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A Short History of Zuni Jewelry

A Short History of Zuni Jewelry

The Zuni reservation extends across almost half a million acres of scenic high desert in New Mexico, to the west of Alberquerque and south of Gallup. Among our large and diverse catalog of Native American jewelry we offer here at Indian Traders, we have a stunning selection of genuine pieces handcrafted by local Zuni artists.

Zuni jewelry is characterised by its extremely intricate workmanship – unlike the characteristic large, more naturally-shaped stones and embellished silverwork of Navajo jewlery, or the distinctive silver overlay jewelry of the Hopi, Zuni jewelry uses stones that are smaller, ground and polished, and set within a lighter metal framework.

Understanding what makes Zuni jewelry so special, the stories behind the designs, and the history of how this distinctive method of silversmithing came to be, is part of the experience of enjoying your Zuni necklace, bracelet, earrings, or other piece of wearable art.


Who Are the Zuni?

The Zuni is a relatively small Native American tribe Indigenous to the Zuni River area of New Mexico. Here the ancestors of modern-day Zuni people established settlements with villages (pueblos) of multi-storey adobe dwellings. Resident there for thousands of years, they traditionally farmed the land and raised livestock.

By the 1500s, these pueblos were also known (according to Aztec mythology) as the “Seven Cities of Gold” and were reputed to have been filled with gold, silver, emeralds, turquoise, and other precious and semi-precious gemstones. This lured the expedition of Spanish explorer Coronado to Zuni lands in 1540. The Spanish expeditions did find the Pueblo lands to be rich with copper and turquoise mines.

Today, there are approximately ten thousand official Zuni tribal members and, for a majority of them, creating art and craft is their livelihood. The Zuni are renowned for being highly creative and talented carvers, potters, painters, and jewelers.


History & Features of Zuni Jewelry

Since ancient times, the Zuni have been renowned for their lapidary (stonework) skills and creation of carved animal fetishes from stone, coral, and shell; these were used ceremonially with each believed to hold its own inherent power. Fetishes were used for everything from controlling the weather to war ceremonies, curing illness, protection against curses, and even gambling luck.

In the 1830s, the Zuni learned how to work brass and copper. A few decades later in 1872, traveling Navajo man Atsidi Chon taught Zuni tribesman Lanyade the art of silversmithing. (The Navajo had been themselves taught by Spanish explorers/settlers). While early silversmithing was primarily used for practical purposes such as crafting tools and weapons, the silver captured the attention of the tribe’s artisans and using these techniques to make jewelry soon followed.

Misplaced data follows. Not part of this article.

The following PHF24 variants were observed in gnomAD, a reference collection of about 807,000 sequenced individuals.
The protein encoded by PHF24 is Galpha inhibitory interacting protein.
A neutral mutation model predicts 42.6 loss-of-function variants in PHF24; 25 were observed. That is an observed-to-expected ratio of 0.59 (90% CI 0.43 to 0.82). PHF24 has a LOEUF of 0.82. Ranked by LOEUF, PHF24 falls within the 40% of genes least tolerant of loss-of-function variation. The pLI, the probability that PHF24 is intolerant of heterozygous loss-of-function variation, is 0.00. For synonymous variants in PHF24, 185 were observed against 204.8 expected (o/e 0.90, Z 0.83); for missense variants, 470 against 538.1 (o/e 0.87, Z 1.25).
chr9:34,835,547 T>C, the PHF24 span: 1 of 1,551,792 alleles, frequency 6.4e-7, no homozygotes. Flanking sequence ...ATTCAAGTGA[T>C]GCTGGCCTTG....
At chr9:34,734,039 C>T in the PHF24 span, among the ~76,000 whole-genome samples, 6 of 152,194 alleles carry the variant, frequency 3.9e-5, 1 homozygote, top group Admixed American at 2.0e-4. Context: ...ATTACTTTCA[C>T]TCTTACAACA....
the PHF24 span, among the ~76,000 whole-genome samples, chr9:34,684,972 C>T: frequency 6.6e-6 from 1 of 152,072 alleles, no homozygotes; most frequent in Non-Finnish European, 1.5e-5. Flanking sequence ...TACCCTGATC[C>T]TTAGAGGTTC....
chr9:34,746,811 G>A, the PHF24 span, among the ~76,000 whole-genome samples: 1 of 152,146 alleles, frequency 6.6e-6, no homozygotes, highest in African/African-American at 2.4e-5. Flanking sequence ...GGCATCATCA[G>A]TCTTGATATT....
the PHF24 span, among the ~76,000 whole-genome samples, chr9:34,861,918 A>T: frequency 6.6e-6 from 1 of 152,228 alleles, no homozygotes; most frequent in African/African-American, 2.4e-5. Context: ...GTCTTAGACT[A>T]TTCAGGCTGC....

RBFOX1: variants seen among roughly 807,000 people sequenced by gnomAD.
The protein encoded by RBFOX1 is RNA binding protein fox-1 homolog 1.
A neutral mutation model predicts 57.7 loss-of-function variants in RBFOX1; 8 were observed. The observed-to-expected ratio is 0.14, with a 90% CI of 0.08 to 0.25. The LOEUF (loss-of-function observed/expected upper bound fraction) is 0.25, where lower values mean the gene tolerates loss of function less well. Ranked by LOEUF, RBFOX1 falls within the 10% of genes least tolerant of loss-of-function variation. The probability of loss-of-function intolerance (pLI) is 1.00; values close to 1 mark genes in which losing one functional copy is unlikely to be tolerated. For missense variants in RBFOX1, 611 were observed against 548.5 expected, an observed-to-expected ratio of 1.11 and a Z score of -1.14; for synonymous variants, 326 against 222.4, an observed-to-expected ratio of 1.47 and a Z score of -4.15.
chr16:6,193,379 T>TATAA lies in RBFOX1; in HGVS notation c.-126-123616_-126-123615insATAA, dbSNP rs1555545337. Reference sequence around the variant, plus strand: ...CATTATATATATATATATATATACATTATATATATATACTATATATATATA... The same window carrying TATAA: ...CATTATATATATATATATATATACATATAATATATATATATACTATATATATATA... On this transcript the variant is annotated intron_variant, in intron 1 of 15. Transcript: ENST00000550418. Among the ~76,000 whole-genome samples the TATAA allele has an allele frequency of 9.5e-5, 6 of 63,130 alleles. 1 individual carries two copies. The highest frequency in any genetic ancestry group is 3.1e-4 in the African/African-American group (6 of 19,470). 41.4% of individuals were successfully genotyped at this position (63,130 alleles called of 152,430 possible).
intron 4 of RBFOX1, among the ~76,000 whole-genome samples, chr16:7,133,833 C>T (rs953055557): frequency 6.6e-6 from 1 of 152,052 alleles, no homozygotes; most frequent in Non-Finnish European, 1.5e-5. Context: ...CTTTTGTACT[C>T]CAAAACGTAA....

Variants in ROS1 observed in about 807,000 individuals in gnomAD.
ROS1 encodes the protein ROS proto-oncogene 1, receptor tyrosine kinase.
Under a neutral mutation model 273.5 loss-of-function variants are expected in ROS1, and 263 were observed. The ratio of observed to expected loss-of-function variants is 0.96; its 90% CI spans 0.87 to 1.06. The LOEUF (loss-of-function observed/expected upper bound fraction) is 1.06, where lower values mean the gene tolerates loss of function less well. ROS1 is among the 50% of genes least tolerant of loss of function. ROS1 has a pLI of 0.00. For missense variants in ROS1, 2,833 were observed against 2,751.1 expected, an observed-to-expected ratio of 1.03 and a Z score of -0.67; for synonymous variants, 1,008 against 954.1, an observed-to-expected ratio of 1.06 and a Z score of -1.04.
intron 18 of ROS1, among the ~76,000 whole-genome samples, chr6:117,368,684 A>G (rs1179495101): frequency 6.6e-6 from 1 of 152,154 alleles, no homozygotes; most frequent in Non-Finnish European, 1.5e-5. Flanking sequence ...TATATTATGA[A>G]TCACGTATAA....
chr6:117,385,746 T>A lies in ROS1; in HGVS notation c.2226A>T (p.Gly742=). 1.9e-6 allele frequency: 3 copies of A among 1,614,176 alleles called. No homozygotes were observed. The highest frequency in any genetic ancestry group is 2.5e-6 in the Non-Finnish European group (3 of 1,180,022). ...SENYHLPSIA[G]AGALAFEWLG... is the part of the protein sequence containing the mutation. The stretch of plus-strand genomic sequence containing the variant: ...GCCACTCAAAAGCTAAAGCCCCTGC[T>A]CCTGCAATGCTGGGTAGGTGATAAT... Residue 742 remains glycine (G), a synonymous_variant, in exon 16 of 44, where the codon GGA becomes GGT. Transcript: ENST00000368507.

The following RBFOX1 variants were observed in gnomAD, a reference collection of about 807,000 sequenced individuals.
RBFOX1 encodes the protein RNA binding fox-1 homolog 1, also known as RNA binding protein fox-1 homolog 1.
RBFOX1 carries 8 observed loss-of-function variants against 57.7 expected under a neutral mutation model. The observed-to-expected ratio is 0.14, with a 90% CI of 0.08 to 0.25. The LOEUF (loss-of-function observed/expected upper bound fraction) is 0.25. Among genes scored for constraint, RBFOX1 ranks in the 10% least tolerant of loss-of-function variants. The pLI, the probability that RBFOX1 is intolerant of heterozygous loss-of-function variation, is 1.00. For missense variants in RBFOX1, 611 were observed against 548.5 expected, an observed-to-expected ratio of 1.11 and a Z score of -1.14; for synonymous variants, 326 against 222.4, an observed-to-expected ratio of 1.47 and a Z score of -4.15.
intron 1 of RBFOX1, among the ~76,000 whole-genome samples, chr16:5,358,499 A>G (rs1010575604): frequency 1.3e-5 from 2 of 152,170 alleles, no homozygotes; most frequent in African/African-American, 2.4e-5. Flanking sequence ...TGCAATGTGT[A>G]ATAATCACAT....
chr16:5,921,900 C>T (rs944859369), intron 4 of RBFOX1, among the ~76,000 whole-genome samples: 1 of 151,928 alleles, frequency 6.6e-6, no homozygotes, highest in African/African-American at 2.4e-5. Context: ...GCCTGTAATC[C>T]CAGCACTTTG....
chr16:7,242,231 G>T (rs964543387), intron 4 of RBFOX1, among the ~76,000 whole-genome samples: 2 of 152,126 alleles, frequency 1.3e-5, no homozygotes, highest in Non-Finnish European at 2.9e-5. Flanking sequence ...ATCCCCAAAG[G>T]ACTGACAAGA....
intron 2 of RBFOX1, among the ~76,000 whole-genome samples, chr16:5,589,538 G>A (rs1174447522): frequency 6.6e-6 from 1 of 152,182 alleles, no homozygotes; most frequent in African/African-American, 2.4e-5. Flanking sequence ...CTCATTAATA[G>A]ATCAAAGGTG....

This early Zuni jewelry closely resembled the Navajo style - made from silver coins that were hand-engraved and hammered into the desired designs. Turquoise was incorporated into Zuni jewelry from around 1890.

Thanks to the availability of higher-quality materials and more effective tools, Zuni craftsmanship dramatically evolved and flourished after 1920. The distinctive styles we see today were born – marrying silversmithing with lapidary work for mosaic and channel inlays, fetish necklaces, needle point, petit point, and very intricate stonework incorporating not only turquoise but also onyx, jet, coral, pink mussel and other types of shell, lapis, lab opal, and even fossilized ivory.

Unlike Navajo pieces, the turquoise used by the Zuni tends to feature little or no matrix, is more uniform in appearance, and the stones are often set to sit flush against each other.

In the 1930s, white American trader Charles Garrett Wallace bought the local trading post and identified an economically viable and financially rewarding opportunity for non-Native tourists along Route 66 and the Santa Fe Railroad to discover Zuni jewelry for themselves. He furnished the local Zuni people with modern equipment and encouraged them to create larger amounts of jewelry for this purpose.


Zuni Jewelry Styles

  • Channel Inlay features cut stones set precisely into silver (or other metal) channels – unlike mosaic inlay, each stone is individually surrounded by the metal.


  • Mosaic Inlay sees lapidary cut stones set together and against each other to form the desired design or pattern. They are stabilized onto a silver or copper (or another metal) backing plate and polished into a uniform, flat surface.


  • Needle Point features stones cut into needle shapes and formed into elegant patterns.


  • Petit Point is a lapidary technique whereby turquoise or another stone is cut into a small, precise shape and set in a clustered form to create a distinctive design. The stones may be cut square, rectangular, circular, ovular, or pear-shaped.


Buy Zuni Jewelry at Indian Traders

We have a large selection of spectacular Zuni bracelets, necklaces, pendants, earrings, money clips and more. These distinctive pieces are handmade by